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11 Drexel L. Rev. 1 (2018-2019)

handle is hein.journals/drexel11 and id is 1 raw text is: 


                       Seth C. Oranburg*

  Federal labor law requires employers to give employees a rigid
bundle of benefits, including the right to unionize, unemployment
insurance, worker's compensation insurance, health insurance, family
medical leave, and more. These benefits are not free-benefits cost
about one-third of wages-and someone must pay for them. Which of
these benefits are worth their cost? This Article takes a theoretical
approach to that problem and proposes a flexible benefits solution.
  Labor law developed under a traditional model of work: long-term
employees depended on a single employer to engage in goods-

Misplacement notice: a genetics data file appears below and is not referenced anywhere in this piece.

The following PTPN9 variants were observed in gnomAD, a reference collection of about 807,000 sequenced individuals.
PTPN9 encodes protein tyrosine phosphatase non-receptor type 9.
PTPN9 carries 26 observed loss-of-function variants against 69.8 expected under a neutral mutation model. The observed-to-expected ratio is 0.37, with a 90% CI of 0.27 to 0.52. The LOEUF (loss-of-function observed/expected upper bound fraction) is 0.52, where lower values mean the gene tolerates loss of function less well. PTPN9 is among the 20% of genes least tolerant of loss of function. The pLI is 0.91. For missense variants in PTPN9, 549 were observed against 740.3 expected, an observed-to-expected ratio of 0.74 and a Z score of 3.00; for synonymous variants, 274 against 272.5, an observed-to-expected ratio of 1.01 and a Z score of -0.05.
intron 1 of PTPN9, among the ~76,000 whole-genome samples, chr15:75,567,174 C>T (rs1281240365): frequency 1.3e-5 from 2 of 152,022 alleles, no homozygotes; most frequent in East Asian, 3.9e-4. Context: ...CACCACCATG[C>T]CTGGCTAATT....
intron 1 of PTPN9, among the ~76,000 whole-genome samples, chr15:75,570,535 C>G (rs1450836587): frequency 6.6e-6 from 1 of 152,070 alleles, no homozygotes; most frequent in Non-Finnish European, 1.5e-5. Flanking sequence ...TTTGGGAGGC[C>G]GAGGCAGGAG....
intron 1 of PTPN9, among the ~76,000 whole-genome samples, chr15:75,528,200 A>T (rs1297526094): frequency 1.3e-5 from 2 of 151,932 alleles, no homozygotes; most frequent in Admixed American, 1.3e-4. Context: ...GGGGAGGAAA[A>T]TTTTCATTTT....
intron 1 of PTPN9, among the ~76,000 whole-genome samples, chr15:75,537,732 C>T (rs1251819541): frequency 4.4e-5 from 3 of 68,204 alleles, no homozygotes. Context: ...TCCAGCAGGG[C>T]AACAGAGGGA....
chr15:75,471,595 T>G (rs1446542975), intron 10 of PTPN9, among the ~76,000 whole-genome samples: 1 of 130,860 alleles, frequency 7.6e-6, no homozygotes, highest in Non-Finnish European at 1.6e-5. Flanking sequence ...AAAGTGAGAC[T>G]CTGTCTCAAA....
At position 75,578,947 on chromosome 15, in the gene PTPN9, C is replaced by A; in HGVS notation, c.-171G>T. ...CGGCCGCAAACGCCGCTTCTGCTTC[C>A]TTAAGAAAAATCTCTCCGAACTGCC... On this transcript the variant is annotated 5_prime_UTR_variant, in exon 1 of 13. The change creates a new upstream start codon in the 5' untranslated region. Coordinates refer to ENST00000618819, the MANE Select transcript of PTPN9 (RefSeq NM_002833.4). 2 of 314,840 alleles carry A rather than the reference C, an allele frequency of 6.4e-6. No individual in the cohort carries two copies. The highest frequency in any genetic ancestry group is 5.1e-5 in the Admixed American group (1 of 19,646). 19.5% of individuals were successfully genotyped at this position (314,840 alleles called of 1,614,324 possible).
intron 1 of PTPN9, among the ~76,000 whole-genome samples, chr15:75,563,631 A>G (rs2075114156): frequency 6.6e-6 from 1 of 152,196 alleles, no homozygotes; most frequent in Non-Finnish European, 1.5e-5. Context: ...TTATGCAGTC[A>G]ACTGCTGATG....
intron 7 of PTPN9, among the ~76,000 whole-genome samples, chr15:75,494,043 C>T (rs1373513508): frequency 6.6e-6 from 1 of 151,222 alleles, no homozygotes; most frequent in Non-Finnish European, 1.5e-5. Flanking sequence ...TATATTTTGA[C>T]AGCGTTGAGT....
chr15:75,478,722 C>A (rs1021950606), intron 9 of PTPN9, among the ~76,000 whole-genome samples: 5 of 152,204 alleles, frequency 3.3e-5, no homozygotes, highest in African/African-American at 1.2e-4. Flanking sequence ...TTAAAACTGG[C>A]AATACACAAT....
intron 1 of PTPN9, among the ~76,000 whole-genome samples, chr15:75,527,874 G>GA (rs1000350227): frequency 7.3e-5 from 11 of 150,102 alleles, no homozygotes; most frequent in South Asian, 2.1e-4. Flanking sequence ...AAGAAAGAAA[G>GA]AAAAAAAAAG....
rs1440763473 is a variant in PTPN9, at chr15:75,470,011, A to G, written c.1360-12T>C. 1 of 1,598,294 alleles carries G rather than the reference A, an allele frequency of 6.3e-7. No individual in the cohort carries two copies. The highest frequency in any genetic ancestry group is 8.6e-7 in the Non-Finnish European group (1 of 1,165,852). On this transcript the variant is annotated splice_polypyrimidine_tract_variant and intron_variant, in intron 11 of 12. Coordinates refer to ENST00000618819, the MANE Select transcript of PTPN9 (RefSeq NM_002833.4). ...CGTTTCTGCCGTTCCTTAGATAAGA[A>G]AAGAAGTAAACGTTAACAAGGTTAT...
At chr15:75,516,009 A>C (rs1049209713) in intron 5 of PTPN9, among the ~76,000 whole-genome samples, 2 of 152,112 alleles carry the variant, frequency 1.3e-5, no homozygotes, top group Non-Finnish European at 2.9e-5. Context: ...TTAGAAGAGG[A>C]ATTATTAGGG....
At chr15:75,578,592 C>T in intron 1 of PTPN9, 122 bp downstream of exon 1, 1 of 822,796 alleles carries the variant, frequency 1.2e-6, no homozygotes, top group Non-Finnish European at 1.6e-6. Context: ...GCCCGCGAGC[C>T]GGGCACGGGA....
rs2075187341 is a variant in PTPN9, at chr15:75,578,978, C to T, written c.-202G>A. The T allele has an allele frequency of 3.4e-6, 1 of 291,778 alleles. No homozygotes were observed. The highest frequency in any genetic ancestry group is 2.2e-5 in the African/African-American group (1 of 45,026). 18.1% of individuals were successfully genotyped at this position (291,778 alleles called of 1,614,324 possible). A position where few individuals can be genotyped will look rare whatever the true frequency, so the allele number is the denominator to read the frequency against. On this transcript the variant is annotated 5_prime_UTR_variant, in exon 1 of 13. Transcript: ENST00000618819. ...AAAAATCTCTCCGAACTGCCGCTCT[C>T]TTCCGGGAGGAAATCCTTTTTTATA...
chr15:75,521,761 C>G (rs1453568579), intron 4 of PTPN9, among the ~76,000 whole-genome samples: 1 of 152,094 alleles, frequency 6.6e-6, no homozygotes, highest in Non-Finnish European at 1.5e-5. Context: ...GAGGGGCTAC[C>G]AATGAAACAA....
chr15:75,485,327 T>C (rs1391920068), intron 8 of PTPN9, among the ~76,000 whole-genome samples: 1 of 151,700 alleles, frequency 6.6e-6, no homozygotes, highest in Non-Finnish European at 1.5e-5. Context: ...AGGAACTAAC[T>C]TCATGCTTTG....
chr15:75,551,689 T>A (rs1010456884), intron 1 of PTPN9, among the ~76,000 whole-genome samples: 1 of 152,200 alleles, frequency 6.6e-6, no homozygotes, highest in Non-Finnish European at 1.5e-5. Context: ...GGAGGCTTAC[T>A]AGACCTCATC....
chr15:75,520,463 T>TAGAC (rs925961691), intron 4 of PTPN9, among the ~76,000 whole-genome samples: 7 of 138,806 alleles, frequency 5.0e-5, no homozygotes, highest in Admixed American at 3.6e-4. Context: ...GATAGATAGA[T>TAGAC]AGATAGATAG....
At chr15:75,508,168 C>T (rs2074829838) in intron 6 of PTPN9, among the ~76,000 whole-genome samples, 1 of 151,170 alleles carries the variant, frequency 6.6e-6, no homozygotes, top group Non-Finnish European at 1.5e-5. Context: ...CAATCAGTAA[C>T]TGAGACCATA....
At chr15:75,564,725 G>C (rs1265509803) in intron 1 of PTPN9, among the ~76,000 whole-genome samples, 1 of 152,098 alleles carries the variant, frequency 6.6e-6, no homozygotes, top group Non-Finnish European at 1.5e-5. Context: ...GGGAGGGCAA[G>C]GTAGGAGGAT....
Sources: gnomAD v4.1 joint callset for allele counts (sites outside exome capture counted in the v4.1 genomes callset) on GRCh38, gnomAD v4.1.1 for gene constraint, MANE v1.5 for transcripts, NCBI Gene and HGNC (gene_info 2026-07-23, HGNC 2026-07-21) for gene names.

producing work. Few people work that way today. Instead, modern
workers are increasingly using multiple technology platforms (such as
Uber,   Lyft, TaskRabbit, Amazon      Flex,  DoorDash,   Handy,
Moonlighting, FLEXABLE, PeoplePerHour, Rover,          Snagajob,
TaskEasy, Upwork, and many more) to provide short-term service-
producing work. Labor laws are a bad fit for this gig economy. New
legal paradigms are needed.
  The rigid labor law classification of all workers as either
employees (who get the entire bundle of benefits) or independent
contractors (who get none) has led to many lawsuits attempting to
redefine who is an employee in the gig economy. This issue grows
larger as more than one-fifth of the workforce is now categorized as an
independent contractor. Ironically, the requirement to provide a rigid
bundle of benefits to employees has resulted in fewer workers receiving
any benefits at all.

Associate Professor, Duquesne University School of Law; Research Fellow and Program
Affiliate Scholar, New York University School of Law; J.D., University of Chicago Law School;
B.A., University of Florida.

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